This blog is now yet another Bootstrap 4-based site. I can’t resist the awesomeness that is Bootstrap 4 on any of my sites lately, and while it’s aesthetically quite similar to what it was before, this site is basically just a tiny bit worse now, since it has to load much more CSS to give what is nearly the same layout and overall look that it had before. Neat.
Why would I do this?
Performance-wise, it makes nearly no difference. Only the components I’m actually using in Bootstrap are included, and the core styles gained by relying on Bootstrap mostly just ensure a better experience in browsers I don’t use as often. This also means a switch back to using Flexbox instead of Grid for the layouts, which gains a lot of backwards compatibility. The site doesn’t look as unique as it used to in it’s current form, but I could rely on the Bootstrap Grid to bring back the previous site layout without the need of CSS grid (which I’m increasingly finding to be more trouble than it’s worth in its current state).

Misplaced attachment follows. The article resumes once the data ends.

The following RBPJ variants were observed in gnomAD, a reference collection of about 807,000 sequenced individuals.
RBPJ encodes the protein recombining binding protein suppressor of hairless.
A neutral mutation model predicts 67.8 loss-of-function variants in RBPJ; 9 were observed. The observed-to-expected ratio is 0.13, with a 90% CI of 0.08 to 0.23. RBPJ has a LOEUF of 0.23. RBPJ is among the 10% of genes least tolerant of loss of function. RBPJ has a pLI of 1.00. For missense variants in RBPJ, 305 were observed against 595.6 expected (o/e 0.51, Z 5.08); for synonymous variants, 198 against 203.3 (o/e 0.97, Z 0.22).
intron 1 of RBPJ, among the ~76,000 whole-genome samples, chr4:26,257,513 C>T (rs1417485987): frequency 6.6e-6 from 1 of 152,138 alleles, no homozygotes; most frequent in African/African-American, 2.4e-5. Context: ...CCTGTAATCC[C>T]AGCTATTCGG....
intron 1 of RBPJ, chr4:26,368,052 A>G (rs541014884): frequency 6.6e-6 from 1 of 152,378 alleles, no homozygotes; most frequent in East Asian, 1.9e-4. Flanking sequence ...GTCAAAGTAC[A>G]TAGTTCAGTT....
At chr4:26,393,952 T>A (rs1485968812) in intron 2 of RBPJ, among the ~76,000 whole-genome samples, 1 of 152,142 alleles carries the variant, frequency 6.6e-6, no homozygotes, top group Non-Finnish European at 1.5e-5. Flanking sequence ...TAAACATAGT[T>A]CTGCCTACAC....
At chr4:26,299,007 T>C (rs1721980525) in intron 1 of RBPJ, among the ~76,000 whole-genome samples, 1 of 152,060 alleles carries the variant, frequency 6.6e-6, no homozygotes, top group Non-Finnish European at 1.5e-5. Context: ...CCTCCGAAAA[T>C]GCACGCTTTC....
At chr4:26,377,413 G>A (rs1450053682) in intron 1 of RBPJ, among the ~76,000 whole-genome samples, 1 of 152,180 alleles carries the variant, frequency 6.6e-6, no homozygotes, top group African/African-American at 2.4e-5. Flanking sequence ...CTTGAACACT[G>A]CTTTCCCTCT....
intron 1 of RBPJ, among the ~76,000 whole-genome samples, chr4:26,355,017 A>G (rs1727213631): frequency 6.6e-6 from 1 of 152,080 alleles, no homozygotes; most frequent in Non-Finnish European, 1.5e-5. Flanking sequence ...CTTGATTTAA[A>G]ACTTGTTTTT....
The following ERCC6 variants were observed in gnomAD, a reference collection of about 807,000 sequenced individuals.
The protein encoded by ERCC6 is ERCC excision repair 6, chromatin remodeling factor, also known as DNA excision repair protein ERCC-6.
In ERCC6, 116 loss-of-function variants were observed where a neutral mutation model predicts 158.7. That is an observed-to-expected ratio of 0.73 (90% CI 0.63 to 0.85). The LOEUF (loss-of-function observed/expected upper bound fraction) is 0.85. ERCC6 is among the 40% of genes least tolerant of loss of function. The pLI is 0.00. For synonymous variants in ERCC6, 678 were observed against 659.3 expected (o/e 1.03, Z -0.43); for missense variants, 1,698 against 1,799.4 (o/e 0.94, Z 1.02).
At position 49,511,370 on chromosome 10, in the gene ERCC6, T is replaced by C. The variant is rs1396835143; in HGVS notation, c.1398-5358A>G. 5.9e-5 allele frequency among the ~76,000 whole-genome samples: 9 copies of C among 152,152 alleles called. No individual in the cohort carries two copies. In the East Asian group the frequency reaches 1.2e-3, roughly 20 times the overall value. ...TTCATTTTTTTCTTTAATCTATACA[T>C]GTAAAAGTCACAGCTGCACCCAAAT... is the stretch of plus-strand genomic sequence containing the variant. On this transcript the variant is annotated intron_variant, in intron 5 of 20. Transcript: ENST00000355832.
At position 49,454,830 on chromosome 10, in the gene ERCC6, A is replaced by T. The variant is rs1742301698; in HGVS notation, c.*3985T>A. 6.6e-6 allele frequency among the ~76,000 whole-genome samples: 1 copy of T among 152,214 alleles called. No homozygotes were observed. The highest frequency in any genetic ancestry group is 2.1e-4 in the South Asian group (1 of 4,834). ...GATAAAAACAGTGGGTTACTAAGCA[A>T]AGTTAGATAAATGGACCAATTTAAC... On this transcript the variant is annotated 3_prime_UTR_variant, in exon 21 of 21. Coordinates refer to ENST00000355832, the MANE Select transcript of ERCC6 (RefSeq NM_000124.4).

More than anything, I made the change for consistency between my projects. Since everything I’m working on right now is built on Bootstrap 4, it’s nice to be able to use the same helper classes and variables without having to remember which project I’m on. That’s really what Bootstrap has become for me, a way to have consistent standards between projects. And it’s awesome.